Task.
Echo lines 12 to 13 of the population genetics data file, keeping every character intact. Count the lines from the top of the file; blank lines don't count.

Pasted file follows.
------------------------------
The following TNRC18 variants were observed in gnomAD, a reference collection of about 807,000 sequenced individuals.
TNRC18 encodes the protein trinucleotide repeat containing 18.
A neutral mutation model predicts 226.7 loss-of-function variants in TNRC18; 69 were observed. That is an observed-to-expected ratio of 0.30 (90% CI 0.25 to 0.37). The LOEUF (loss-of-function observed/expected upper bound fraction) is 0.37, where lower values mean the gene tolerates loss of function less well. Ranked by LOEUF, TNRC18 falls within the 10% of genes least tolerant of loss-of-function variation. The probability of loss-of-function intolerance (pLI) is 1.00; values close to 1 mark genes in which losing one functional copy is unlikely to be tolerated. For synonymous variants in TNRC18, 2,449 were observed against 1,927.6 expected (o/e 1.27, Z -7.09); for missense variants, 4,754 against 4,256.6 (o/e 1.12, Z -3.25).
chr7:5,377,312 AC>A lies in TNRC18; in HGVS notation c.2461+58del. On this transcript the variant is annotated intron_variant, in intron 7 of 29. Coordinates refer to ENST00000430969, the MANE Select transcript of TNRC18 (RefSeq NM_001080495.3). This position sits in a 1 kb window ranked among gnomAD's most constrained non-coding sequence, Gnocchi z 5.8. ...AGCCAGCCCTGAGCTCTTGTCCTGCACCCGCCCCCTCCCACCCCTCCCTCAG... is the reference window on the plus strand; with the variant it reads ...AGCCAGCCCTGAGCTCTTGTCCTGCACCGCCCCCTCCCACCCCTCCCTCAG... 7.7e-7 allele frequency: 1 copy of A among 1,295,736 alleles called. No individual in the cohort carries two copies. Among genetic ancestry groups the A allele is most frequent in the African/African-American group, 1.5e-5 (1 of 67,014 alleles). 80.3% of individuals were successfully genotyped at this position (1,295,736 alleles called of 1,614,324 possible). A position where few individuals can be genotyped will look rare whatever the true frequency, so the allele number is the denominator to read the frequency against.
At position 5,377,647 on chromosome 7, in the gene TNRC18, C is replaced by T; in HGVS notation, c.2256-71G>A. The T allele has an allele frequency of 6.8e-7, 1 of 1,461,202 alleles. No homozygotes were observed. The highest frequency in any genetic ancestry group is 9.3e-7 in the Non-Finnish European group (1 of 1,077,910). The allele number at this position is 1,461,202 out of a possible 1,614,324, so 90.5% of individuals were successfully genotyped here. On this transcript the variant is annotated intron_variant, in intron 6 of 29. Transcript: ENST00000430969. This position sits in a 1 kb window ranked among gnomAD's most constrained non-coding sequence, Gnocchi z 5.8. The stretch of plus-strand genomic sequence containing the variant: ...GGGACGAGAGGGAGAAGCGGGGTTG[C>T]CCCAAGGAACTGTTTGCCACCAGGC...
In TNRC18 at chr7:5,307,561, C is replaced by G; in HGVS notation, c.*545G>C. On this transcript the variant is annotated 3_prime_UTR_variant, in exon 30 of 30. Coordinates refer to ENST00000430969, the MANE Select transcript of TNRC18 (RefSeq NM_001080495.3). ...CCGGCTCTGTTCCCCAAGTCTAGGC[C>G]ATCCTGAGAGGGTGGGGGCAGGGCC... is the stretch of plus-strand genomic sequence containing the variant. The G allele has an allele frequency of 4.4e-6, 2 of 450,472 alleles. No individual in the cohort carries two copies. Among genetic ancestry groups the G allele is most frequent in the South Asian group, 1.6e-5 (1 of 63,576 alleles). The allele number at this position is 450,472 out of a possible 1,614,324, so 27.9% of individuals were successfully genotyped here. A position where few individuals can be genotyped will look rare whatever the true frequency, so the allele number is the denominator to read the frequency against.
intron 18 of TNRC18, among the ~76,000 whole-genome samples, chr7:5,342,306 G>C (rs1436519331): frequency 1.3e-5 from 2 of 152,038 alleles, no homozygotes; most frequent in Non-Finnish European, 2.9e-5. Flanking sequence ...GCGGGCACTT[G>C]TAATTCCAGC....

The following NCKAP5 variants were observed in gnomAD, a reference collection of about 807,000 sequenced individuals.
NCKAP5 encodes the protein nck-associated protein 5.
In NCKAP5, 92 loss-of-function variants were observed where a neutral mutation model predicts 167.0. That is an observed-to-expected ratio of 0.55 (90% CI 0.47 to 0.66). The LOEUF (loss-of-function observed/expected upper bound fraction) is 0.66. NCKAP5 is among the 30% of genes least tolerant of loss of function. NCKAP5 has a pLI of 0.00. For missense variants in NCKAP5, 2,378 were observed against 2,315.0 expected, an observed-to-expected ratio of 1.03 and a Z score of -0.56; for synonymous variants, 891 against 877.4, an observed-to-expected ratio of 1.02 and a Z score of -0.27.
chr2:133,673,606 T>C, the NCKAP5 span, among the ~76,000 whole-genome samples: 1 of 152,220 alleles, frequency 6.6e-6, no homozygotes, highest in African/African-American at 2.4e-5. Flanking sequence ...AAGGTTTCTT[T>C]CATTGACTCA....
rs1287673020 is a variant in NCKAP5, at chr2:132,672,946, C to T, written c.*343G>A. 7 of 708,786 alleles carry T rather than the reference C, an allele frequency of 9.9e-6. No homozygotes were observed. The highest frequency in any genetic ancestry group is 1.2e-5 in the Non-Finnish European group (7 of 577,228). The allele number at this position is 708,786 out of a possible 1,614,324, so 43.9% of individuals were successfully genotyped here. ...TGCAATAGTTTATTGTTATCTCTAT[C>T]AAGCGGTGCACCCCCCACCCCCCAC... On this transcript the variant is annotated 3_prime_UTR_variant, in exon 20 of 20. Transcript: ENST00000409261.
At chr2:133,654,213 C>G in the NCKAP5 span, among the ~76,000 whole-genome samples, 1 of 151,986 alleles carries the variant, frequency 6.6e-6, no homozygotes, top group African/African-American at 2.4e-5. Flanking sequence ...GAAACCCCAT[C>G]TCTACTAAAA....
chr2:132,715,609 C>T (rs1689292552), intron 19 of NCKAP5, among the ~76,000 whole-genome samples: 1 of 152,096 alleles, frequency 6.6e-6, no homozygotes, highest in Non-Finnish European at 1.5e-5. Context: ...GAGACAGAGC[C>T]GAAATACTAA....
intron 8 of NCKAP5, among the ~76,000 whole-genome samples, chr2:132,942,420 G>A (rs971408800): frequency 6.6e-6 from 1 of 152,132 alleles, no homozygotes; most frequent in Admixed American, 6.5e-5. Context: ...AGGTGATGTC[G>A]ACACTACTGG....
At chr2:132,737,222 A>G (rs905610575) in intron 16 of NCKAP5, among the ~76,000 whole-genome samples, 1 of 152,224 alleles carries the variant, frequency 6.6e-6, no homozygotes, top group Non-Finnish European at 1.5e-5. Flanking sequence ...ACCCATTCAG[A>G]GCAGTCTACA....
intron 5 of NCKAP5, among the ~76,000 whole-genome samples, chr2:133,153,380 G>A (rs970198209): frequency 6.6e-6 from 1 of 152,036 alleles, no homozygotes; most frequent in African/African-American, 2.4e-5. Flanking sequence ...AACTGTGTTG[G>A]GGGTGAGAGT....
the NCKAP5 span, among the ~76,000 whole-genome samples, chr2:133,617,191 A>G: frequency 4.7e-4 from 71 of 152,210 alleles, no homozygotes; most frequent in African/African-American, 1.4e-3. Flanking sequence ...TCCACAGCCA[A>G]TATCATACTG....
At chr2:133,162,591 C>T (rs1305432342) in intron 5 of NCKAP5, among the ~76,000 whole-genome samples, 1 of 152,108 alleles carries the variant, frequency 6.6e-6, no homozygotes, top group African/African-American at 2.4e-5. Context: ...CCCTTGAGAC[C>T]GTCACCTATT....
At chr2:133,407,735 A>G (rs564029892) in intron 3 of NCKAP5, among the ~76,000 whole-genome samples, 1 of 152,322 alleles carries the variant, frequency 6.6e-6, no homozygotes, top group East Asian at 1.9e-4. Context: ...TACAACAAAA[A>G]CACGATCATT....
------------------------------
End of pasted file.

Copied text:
rs1287673020 is a variant in NCKAP5, at chr2:132,672,946, C to T, written c.*343G>A. 7 of 708,786 alleles carry T rather than the reference C, an allele frequency of 9.9e-6. No homozygotes were observed. The highest frequency in any genetic ancestry group is 1.2e-5 in the Non-Finnish European group (7 of 577,228). The allele number at this position is 708,786 out of a possible 1,614,324, so 43.9% of individuals were successfully genotyped here. ...TGCAATAGTTTATTGTTATCTCTAT[C>T]AAGCGGTGCACCCCCCACCCCCCAC... On this transcript the variant is annotated 3_prime_UTR_variant, in exon 20 of 20. Transcript: ENST00000409261.
At chr2:133,654,213 C>G in the NCKAP5 span, among the ~76,000 whole-genome samples, 1 of 151,986 alleles carries the variant, frequency 6.6e-6, no homozygotes, top group African/African-American at 2.4e-5. Flanking sequence ...GAAACCCCAT[C>G]TCTACTAAAA....